Don Juan Moore/AP

Erica Kinsman, who accused Jameis Winston of raping her in 2012, made her first public comments in ‘The Hunting Ground,’ an exposé about rape on college campuses. The film’s director, Kirby Dick, spoke to The MMQB about why he believes Kinsman is credible, why Winston shouldn't be considered exonerated, and why NFL teams are failing to do their due diligence

By Jenny Vrentas
April 28, 2015

The weeks leading up to the NFL draft are always rife with speculation. But this year that discussion has taken on a different tone, centering on how teams feel about the potential No. 1 overall pick, Heisman-winning quarterback Jameis Winston, off the field.

 

As NFL teams conduct their own investigations, the former Florida State student who accused Winston of raping her in Dec. 2012 publicly shared her side of the story in The Hunting Ground. The documentary film about rape on college campuses, which was released this spring, includes Erica Kinsman’s account of what happened the night she says Winston raped her, as well as her testimony that she had been told by a victim advocate at FSU that another woman had also come forward after an encounter with Winston. (After three investigations—by the police, the state attorney and Florida State’s hearing by a former Florida supreme court justice—the case against Winston, who says what happened with Kinsman was consensual, was not found strong enough for him to be charged or expelled. In response to Kinsman’s civil suit filed earlier this month, Winston’s lawyer issued a statement saying Winston welcomes the opportunity to clear his name with the truth).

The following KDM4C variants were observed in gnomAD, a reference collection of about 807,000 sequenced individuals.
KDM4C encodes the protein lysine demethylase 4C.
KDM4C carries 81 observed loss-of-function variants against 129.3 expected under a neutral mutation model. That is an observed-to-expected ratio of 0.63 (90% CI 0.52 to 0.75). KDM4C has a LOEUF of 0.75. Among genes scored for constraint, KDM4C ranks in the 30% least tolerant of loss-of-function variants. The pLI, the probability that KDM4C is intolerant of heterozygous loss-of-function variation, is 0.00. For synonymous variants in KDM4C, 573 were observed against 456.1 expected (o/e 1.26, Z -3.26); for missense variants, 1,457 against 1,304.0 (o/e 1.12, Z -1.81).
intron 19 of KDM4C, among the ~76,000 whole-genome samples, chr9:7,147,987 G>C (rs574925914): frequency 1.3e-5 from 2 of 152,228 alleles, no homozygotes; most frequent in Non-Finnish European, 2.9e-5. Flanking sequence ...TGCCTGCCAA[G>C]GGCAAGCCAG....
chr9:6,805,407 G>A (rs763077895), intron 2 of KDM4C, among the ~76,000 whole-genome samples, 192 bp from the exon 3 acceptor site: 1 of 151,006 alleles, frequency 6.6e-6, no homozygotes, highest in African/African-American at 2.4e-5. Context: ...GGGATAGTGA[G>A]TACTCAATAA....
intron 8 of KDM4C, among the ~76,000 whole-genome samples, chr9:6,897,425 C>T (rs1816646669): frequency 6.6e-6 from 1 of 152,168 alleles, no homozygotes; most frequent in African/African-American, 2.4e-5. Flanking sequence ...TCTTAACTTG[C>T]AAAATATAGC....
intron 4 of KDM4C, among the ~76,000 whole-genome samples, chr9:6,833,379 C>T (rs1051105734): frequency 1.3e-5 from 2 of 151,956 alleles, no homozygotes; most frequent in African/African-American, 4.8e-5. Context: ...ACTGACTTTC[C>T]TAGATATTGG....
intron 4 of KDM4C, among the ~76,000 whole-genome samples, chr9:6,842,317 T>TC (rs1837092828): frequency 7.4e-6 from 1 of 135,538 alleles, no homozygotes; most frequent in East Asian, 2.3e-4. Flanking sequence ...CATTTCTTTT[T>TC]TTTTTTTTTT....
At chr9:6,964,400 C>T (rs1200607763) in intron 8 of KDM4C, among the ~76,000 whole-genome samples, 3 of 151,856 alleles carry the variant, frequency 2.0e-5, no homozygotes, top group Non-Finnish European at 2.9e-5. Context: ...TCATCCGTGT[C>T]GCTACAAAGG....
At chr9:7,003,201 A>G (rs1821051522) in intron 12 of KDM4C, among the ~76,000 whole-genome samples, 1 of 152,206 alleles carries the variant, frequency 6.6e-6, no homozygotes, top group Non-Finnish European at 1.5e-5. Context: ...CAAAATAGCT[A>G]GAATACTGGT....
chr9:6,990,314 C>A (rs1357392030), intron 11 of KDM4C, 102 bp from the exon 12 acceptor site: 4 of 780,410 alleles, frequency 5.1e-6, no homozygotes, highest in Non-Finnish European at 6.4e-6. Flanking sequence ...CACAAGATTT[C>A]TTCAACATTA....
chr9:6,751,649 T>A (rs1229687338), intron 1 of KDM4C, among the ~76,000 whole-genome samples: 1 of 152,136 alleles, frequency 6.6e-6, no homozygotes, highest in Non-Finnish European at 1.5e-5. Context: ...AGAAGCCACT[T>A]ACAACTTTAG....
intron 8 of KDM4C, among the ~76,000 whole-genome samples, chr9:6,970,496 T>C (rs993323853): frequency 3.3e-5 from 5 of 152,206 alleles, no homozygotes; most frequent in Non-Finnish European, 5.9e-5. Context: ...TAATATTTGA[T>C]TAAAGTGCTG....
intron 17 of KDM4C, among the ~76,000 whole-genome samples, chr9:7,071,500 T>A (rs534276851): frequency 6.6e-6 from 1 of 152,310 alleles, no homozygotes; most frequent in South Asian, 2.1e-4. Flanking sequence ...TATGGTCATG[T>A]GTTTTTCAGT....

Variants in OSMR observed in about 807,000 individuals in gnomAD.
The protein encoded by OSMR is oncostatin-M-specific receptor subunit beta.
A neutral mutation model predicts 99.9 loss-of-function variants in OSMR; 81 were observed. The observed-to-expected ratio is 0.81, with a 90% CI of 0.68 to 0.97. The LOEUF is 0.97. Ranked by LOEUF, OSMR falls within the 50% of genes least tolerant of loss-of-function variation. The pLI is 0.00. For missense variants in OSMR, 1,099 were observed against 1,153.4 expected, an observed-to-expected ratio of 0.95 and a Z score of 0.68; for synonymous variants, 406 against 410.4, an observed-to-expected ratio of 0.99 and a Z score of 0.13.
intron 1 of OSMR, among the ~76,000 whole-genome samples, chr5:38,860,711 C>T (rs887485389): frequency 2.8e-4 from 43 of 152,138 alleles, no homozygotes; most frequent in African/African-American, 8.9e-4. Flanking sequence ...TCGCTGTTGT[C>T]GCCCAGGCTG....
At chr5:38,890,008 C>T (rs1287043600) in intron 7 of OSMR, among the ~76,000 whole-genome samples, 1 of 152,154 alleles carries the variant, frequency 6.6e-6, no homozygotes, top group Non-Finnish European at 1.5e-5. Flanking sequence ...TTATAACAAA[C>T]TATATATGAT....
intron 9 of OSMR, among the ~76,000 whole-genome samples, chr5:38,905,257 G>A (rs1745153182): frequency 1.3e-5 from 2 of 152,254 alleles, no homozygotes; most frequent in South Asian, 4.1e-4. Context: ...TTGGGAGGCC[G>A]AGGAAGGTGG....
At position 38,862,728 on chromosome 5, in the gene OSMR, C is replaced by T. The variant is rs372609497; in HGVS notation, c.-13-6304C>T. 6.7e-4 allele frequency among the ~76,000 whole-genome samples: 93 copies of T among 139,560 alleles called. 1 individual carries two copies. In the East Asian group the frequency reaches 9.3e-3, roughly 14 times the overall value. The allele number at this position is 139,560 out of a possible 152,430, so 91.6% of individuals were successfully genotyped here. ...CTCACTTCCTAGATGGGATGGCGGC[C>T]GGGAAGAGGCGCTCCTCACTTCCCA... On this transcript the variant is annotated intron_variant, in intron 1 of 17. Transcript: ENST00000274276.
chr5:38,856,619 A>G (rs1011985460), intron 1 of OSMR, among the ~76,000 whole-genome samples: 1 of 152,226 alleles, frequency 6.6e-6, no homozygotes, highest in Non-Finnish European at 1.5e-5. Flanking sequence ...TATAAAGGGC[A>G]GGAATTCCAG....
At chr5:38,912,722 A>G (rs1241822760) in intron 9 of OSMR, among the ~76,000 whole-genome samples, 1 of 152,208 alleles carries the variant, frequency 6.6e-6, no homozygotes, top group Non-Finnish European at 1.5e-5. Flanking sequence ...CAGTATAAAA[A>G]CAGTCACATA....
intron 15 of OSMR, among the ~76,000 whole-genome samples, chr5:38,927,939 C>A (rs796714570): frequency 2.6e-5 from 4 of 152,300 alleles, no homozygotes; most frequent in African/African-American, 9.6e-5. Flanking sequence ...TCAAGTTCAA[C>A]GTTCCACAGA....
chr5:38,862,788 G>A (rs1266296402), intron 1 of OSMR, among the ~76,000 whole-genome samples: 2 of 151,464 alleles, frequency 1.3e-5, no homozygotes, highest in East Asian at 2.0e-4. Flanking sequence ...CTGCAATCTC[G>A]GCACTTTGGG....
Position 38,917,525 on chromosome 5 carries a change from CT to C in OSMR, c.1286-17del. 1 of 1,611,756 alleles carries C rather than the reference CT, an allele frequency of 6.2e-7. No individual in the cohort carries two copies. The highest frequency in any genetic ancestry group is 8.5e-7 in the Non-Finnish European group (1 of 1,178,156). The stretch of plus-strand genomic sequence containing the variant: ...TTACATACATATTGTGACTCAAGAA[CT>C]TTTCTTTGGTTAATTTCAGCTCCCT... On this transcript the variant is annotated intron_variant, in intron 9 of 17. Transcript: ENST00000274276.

The MMQB spoke to the director of The Hunting Ground, Kirby Dick, about giving a name and face to Winston’s accuser and what he thinks NFL teams can take away from his film. When asked why Winston should still be scrutinized after three separate investigations resulted in no chargers being brought, Dick echoed criticism of the Tallahassee Police Department (“It’s been clearly established through our reporting and by other publications that the Tallahassee Police Department’s investigation was indisputably flawed.”) and Florida State University (“similar cases [at other schools] with much less evidence have resulted in the accused being expelled”), adding:

 

“The most important reason we know Erica is credible is that when you sit down and speak with her one on one the overwhelming conclusion you come away with is that she is telling the truth. Which raises the question: Why haven’t the Tampa Bay Buccaneers reached out to her? They claim to have exhaustively investigated Winston and heard his side of the story, and yet they haven’t even taken the time to speak with Erica. Is it because they’re afraid they would realize that she’s telling the truth?” (A Buccaneers spokesperson said per team policy, they have consistently declined to go into specifics about the details of their research and whom they have contacted.)

 

 

 

JENNY VRENTAS: What was your goal in making this film?